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World Bank: Drought, War in Ukraine Drive Morocco’s Food Inflation

Rabat - Morocco’s food inflation reached 8.4% at the end of May, down from 9.1% which was recorded in March and April following Russia’s invasion of Ukraine.  

The surge in food prices resulting from a severe drought and global disruption of the supply chain due to the war in Ukraine led to a significant increase in Morocco’s food consumer price index (CPI) to amount to 9.5% at the end of May, the World bank said on Friday in its latest food security update. 

Still, Morocco’s surge in food CPI - which measures the price of a market basket of goods purchased by households - remains lower than Egypt’s (24.2%) and Lebanon’s (216%). 

The World Bank noted that Morocco saw a 32% drop in cumulative rainfall at the end of May 2022 compared to a normal year, which led to a 17.1% shrink in vegetable production. This is estimated to have contributed to the increase in food prices, thus driving up the CPI and food inflation

According to the bank, 93.8% of low-income countries, 89.1% of middle-income countries, and 89% of upper-middle-income countries have recorded over 5% inflation rates while many experienced double-digit inflation. 

As of July 29, the global agricultural price index was 19% higher than in January 2021.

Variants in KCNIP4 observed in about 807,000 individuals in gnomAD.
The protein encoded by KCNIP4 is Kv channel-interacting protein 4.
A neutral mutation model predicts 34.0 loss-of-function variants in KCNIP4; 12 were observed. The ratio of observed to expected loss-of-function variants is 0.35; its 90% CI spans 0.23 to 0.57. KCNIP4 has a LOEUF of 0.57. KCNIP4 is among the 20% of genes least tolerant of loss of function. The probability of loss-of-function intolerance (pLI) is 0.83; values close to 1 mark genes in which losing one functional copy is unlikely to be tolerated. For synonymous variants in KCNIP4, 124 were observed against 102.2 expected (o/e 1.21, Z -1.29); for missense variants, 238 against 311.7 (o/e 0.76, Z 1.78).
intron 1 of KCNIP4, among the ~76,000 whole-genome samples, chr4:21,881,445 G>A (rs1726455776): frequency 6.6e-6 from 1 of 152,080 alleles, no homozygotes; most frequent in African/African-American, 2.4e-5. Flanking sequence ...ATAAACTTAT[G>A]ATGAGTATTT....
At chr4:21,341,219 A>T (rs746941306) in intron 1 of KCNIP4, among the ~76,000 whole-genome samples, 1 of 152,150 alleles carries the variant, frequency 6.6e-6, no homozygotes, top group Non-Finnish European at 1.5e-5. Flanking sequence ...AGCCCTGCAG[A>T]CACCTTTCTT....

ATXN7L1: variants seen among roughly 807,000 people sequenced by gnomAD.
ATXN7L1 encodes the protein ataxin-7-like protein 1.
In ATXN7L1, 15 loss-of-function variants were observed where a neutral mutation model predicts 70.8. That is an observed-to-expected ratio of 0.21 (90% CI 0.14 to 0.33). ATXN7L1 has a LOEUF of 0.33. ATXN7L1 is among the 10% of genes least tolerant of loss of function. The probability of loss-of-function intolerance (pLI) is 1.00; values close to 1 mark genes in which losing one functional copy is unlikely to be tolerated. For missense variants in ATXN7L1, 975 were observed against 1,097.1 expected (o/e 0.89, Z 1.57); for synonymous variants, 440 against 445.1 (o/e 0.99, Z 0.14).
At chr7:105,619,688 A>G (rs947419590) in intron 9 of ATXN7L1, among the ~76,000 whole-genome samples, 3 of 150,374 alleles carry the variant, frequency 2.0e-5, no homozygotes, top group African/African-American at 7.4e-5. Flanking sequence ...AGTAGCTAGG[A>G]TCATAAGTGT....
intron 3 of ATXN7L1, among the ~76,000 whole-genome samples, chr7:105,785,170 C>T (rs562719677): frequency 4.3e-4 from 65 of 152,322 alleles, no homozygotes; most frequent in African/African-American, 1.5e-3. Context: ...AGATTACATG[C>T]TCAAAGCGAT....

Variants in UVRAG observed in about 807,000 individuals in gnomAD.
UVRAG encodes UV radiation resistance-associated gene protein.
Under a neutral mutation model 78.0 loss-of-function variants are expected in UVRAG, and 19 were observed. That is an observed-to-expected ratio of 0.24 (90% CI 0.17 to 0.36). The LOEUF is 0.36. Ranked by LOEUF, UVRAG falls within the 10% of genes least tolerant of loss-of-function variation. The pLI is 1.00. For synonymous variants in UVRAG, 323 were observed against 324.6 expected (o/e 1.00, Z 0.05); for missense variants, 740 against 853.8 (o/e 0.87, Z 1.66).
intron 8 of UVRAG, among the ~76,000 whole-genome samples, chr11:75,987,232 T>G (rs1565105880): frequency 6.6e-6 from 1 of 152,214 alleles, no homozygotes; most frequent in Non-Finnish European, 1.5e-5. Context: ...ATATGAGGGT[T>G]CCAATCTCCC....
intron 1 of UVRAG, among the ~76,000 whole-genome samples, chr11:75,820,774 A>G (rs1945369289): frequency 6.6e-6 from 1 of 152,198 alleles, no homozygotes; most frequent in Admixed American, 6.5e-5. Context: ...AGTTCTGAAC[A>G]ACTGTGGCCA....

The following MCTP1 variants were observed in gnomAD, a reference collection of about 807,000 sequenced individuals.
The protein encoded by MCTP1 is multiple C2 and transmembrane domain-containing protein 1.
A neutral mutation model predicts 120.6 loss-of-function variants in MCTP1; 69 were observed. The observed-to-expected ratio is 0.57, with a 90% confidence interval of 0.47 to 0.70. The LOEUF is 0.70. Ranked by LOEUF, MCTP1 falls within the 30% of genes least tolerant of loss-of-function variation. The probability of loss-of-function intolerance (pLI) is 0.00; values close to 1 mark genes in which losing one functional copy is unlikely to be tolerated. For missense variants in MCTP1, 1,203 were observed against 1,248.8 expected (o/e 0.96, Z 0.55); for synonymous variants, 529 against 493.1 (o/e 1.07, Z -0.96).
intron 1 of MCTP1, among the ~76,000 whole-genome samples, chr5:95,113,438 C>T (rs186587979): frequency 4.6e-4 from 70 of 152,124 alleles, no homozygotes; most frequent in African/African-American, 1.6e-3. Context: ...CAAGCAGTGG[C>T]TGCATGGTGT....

Yet, the recent agreement between Russia, Ukraine, the UN, and Turkey to open Ukraine’s Black Sea ports for the exportation of more than 20 million tonnes of grains is expected to alleviate the war’s impact on poor countries facing overlapping food and debt crises. The list of such countries includes Afghanistan, Eritrea, Mauritania, Somalia, Sudan, Tajikistan, and Yemen. 

Nevertheless, the Ukrainian Grain Association recently highlighted that, compared to last year, the war has resulted in a 25% cut in harvest, a 35% decrease in production, and a 41% drop in export capacity. 

The World Bank notably warned of the lingering impact of the war in Ukraine, underlining that the war “has altered global patterns of trade, production, and consumption of commodities in ways that will keep prices at historically high levels through the end of 2024 exacerbating food insecurity and inflation.”

In a July blog post, the bank recommended “market adjustments alongside government policies to improve energy efficiency and boost energy production can resolve commodity market imbalances, although this process can be prolonged.”

The blog added that current “government policies have focused on fuel subsidies and tax breaks that can exacerbate price pressures by sustaining high demand.” 

Source:  Morocco World News.

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